into my nostrils; and then all came back to me; that I was no
longer an artist, no longer myself; that I was leaving all I cared
for, and returning to all that I detested, the slave of debt and
gratitude, a public and a branded failure.

From this picture of my own disgrace and wretchedness, it is
not wonderful if my mind turned with relief to the thought of
Pinkerton, waiting for me, as I knew, with unwearied affection,
and regarding me with a respect that I had never deserved, and
might therefore fairly hope that I should never forfeit. The
inequality of our relation struck me rudely. I must have been
stupid, indeed, if I could have considered the history of that
friendship without shame--I, who had given so little, who had
accepted and profited by so much. I had the whole day before
me in London, and I determined (at least in words) to set the
balance somewhat straighter. Seated in the corner of a public
place, and calling for sheet after sheet of paper, I poured forth
the expression of my gratitude, my penitence for the past, my
resolutions for the future. Till now, I told him, my course had
been mere selfishness. I had been selfish to my father and to
my friend, taking their help, and denying them (which was all
they asked) the poor gratification of my company and

Wonderful are the consolations of literature! As soon as that
letter was written and posted, the consciousness of virtue
glowed in my veins like some rare vintage.



I reached my uncle's door next morning in time to sit down
with the family to breakfast. More than three years had
intervened almost without mutation in that stationary
household, since I had sat there first, a young American
freshman, bewildered among unfamiliar dainties, Finnan
haddock, kippered salmon, baps and mutton ham, and had
wearied my mind in vain to guess what should be under the
tea-cosey. If there were any change at all, it seemed that I had
risen in the family esteem. My father's death once fittingly
referred to, with a ceremonial lengthening of Scotch upper lips
and wagging of the female head, the party launched at once
(God help me) into the more cheerful topic of my own
successes. They had been so pleased to hear such good
accounts of me; I was quite a great man now; where was that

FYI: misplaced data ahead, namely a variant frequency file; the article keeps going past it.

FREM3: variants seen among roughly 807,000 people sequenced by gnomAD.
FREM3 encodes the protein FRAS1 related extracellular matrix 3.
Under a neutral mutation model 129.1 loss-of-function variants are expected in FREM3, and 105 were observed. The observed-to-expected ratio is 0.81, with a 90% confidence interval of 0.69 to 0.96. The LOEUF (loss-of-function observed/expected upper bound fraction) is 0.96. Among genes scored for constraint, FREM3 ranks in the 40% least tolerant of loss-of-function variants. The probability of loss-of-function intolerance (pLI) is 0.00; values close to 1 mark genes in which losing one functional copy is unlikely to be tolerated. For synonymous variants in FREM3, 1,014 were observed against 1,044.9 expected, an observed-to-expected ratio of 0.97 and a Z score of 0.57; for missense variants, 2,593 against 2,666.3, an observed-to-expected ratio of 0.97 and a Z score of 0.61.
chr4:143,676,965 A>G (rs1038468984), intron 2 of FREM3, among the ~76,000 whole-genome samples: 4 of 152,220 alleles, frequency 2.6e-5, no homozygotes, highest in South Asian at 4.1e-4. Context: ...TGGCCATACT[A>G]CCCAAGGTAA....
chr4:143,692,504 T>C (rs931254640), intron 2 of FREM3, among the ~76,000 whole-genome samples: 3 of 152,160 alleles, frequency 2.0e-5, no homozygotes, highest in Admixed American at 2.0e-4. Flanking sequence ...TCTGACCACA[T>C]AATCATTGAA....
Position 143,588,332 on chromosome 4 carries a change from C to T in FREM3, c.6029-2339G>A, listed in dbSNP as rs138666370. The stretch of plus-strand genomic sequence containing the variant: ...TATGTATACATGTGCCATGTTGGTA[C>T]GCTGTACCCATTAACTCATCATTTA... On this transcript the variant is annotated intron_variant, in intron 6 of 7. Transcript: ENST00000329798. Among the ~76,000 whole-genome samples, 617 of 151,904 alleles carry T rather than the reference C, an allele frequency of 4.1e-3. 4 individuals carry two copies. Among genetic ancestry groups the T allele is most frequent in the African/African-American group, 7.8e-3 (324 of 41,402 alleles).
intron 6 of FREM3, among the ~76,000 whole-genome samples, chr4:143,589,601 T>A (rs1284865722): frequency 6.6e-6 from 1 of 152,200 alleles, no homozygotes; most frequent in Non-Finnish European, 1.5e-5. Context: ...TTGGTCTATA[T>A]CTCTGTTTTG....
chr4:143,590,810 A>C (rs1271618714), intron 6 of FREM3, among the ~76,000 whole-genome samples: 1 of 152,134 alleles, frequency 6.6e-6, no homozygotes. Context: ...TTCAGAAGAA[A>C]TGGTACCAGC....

beautiful statue of the Genius of Something or other? "You
haven't it here? not here? Really?" asks the sprightliest of my
cousins, shaking curls at me; as though it were likely I had
brought it in a cab, or kept it concealed about my person like a
birthday surprise. In the bosom of this family, unaccustomed
to the tropical nonsense of the West, it became plain the
_Sunday Herald_ and poor, blethering Pinkerton had been
accepted for their face. It is not possible to invent a
circumstance that could have more depressed me; and I am
conscious that I behaved all through that breakfast like a whipt

At length, the meal and family prayers being both happily over,
I requested the favour of an interview with Uncle Adam on "the
state of my affairs." At sound of this ominous expression, the
good man's face conspicuously lengthened; and when my
grandfather, having had the proposition repeated to him (for he
was hard of hearing) announced his intention of being present
at the interview, I could not but think that Uncle Adam's
sorrow kindled into momentary irritation. Nothing, however,
but the usual grim cordiality appeared upon the surface; and we
all three passed ceremoniously to the adjoining library, a
gloomy theatre for a depressing piece of business. My
grandfather charged a clay pipe, and sat tremulously smoking
in a corner of the fireless chimney; behind him, although the
morning was both chill and dark, the window was partly open
and the blind partly down: I cannot depict what an air he had
of being out of place, like a man shipwrecked there. Uncle
Adam had his station at the business table in the midst.
Valuable rows of books looked down upon the place of torture;
and I could hear sparrows chirping in the garden, and my
sprightly cousin already banging the piano and pouring forth an
acid stream of song from the drawing-room overhead.

It was in these circumstances that, with all brevity of speech
and a certain boyish sullenness of manner, looking the while
upon the floor, I informed my relatives of my financial
situation: the amount I owed Pinkerton; the hopelessness of
any maintenance from sculpture; the career offered me in the
States; and how, before becoming more beholden to a stranger,
I had judged it right to lay the case before my family.

"I am only sorry you did not come to me at first," said Uncle
Adam. "I take the liberty to say it would have been more

"I think so too, Uncle Adam," I replied; "but you must bear in
mind I was ignorant in what light you might regard my

"I hope I would never turn my back on my own flesh and
blood," he returned with emphasis; but to my anxious ear, with
more of temper than affection. "I could never forget you were
my sister's son. I regard this as a manifest duty. I have no
choice but to accept the entire responsibility of the position you
have made."

I did not know what else to do but murmur "thank you."

"Yes," he pursued, "and there is something providential in the
circumstance that you come at the right time. In my old firm
there is a vacancy; they call themselves Italian Warehousemen
now," he continued, regarding me with a twinkle of humour;
"so you may think yourself in luck: we were only grocers in my
day. I shall place you there to-morrow."

"Stop a moment, Uncle Adam," I broke in. "This is not at all
what I am asking. I ask you to pay Pinkerton, who is a poor